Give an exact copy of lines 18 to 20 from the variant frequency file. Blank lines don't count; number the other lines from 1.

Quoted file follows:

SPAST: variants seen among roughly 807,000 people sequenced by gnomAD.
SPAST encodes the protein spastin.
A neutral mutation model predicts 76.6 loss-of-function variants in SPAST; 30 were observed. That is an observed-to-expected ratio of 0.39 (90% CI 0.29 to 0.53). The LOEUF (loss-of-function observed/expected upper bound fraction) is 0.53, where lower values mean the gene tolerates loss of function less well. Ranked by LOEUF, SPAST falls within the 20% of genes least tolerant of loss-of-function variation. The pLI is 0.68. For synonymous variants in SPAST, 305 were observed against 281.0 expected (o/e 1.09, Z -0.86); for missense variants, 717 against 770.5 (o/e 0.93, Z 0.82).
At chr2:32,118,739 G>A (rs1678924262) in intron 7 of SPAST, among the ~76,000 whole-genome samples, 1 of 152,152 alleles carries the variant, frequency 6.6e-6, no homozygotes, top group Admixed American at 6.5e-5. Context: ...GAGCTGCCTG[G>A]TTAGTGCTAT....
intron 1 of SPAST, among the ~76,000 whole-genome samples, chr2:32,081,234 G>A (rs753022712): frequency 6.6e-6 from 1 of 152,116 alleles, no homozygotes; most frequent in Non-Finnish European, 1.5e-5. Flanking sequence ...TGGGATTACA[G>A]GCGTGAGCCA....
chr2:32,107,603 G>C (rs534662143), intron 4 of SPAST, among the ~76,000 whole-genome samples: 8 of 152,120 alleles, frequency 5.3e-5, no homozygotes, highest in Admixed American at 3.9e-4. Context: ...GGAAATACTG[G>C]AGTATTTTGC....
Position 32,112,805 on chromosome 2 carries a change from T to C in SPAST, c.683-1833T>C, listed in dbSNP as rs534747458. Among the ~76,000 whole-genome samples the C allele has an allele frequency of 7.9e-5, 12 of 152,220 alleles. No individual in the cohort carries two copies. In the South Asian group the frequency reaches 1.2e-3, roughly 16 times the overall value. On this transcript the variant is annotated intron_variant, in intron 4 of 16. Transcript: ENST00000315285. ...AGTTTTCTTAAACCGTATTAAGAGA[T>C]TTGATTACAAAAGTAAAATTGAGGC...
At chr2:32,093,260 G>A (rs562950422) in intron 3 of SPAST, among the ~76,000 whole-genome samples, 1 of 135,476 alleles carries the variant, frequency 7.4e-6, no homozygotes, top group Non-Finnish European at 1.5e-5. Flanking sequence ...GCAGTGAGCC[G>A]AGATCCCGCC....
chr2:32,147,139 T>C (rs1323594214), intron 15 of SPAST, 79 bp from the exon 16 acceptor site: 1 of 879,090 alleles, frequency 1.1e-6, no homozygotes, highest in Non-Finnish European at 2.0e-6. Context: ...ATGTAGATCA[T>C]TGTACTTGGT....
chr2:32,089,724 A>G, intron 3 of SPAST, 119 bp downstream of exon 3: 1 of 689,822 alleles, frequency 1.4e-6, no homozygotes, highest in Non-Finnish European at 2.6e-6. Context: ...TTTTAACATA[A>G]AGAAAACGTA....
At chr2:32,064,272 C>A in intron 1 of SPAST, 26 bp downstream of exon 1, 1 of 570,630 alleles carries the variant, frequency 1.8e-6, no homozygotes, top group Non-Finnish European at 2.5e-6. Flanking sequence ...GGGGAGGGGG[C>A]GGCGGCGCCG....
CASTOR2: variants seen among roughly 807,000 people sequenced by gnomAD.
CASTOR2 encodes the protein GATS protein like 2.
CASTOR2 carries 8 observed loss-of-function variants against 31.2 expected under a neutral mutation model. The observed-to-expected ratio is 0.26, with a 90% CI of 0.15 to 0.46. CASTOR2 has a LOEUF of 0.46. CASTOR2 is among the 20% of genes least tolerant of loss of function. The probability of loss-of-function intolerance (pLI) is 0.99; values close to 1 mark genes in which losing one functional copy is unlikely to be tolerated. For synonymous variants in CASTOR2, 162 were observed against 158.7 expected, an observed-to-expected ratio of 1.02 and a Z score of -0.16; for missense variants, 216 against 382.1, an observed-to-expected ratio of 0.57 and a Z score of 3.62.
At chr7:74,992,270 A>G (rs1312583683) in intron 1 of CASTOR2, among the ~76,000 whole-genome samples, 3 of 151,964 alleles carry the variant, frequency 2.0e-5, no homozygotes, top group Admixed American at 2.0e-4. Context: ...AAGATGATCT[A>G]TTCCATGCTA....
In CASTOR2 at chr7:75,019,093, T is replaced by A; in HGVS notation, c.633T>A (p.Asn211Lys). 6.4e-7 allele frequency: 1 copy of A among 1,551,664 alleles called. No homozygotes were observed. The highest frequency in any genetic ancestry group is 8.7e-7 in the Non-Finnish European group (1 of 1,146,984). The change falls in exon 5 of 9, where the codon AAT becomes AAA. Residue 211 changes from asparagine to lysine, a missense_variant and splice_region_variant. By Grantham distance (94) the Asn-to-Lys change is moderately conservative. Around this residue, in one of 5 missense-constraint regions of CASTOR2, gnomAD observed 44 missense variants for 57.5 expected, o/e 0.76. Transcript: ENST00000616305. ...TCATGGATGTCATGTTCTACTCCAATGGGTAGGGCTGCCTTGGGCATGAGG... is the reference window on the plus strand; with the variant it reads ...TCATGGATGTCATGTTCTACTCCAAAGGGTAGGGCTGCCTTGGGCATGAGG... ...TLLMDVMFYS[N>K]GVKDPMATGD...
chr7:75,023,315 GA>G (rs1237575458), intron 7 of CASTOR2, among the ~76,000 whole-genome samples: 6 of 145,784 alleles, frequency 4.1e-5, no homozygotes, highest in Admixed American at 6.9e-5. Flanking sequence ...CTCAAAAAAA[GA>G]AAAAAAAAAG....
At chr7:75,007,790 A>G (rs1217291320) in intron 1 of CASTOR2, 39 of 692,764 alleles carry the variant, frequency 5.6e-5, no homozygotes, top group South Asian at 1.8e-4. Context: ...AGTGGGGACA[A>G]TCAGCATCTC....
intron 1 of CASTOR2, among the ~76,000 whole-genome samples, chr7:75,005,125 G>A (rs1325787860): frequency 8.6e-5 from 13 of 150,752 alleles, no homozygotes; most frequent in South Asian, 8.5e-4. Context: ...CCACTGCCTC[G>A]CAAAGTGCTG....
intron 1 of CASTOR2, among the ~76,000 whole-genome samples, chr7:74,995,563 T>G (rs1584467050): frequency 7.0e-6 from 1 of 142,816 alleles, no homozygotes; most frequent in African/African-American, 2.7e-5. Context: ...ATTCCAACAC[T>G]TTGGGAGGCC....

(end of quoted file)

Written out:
At chr7:75,007,790 A>G (rs1217291320) in intron 1 of CASTOR2, 39 of 692,764 alleles carry the variant, frequency 5.6e-5, no homozygotes, top group South Asian at 1.8e-4. Context: ...AGTGGGGACA[A>G]TCAGCATCTC....
intron 1 of CASTOR2, among the ~76,000 whole-genome samples, chr7:75,005,125 G>A (rs1325787860): frequency 8.6e-5 from 13 of 150,752 alleles, no homozygotes; most frequent in South Asian, 8.5e-4. Context: ...CCACTGCCTC[G>A]CAAAGTGCTG....
intron 1 of CASTOR2, among the ~76,000 whole-genome samples, chr7:74,995,563 T>G (rs1584467050): frequency 7.0e-6 from 1 of 142,816 alleles, no homozygotes; most frequent in African/African-American, 2.7e-5. Context: ...ATTCCAACAC[T>G]TTGGGAGGCC....